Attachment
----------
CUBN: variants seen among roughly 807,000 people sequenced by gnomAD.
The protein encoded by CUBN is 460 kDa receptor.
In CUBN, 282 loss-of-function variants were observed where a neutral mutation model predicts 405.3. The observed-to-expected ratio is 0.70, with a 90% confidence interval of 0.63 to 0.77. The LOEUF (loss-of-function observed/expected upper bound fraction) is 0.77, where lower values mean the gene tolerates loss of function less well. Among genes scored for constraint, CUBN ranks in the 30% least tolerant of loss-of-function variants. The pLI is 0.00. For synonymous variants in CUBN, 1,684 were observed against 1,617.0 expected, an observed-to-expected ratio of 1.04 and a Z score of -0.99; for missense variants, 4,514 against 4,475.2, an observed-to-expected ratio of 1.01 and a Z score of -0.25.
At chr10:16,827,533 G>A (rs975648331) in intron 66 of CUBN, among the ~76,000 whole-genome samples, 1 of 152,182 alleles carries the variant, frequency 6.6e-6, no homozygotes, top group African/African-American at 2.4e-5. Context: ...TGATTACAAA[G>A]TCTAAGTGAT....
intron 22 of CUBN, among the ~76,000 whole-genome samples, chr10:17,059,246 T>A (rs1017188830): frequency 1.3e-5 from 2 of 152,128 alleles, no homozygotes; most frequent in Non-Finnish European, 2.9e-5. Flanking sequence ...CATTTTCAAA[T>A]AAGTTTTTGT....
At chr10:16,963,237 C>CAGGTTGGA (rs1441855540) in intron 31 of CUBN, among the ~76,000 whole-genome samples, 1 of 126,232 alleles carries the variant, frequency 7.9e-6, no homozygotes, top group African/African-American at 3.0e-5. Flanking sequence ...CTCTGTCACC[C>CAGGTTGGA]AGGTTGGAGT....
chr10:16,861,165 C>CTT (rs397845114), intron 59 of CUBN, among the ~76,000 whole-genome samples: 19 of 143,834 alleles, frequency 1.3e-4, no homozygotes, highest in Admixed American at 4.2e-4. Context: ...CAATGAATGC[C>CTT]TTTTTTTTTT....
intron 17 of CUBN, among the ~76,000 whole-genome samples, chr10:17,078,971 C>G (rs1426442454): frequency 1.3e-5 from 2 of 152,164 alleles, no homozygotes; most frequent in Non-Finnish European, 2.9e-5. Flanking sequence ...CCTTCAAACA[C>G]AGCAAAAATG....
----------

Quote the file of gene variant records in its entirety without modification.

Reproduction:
CUBN: variants seen among roughly 807,000 people sequenced by gnomAD.
The protein encoded by CUBN is 460 kDa receptor.
In CUBN, 282 loss-of-function variants were observed where a neutral mutation model predicts 405.3. The observed-to-expected ratio is 0.70, with a 90% confidence interval of 0.63 to 0.77. The LOEUF (loss-of-function observed/expected upper bound fraction) is 0.77, where lower values mean the gene tolerates loss of function less well. Among genes scored for constraint, CUBN ranks in the 30% least tolerant of loss-of-function variants. The pLI is 0.00. For synonymous variants in CUBN, 1,684 were observed against 1,617.0 expected, an observed-to-expected ratio of 1.04 and a Z score of -0.99; for missense variants, 4,514 against 4,475.2, an observed-to-expected ratio of 1.01 and a Z score of -0.25.
At chr10:16,827,533 G>A (rs975648331) in intron 66 of CUBN, among the ~76,000 whole-genome samples, 1 of 152,182 alleles carries the variant, frequency 6.6e-6, no homozygotes, top group African/African-American at 2.4e-5. Context: ...TGATTACAAA[G>A]TCTAAGTGAT....
intron 22 of CUBN, among the ~76,000 whole-genome samples, chr10:17,059,246 T>A (rs1017188830): frequency 1.3e-5 from 2 of 152,128 alleles, no homozygotes; most frequent in Non-Finnish European, 2.9e-5. Flanking sequence ...CATTTTCAAA[T>A]AAGTTTTTGT....
At chr10:16,963,237 C>CAGGTTGGA (rs1441855540) in intron 31 of CUBN, among the ~76,000 whole-genome samples, 1 of 126,232 alleles carries the variant, frequency 7.9e-6, no homozygotes, top group African/African-American at 3.0e-5. Flanking sequence ...CTCTGTCACC[C>CAGGTTGGA]AGGTTGGAGT....
chr10:16,861,165 C>CTT (rs397845114), intron 59 of CUBN, among the ~76,000 whole-genome samples: 19 of 143,834 alleles, frequency 1.3e-4, no homozygotes, highest in Admixed American at 4.2e-4. Context: ...CAATGAATGC[C>CTT]TTTTTTTTTT....
intron 17 of CUBN, among the ~76,000 whole-genome samples, chr10:17,078,971 C>G (rs1426442454): frequency 1.3e-5 from 2 of 152,164 alleles, no homozygotes; most frequent in Non-Finnish European, 2.9e-5. Flanking sequence ...CCTTCAAACA[C>G]AGCAAAAATG....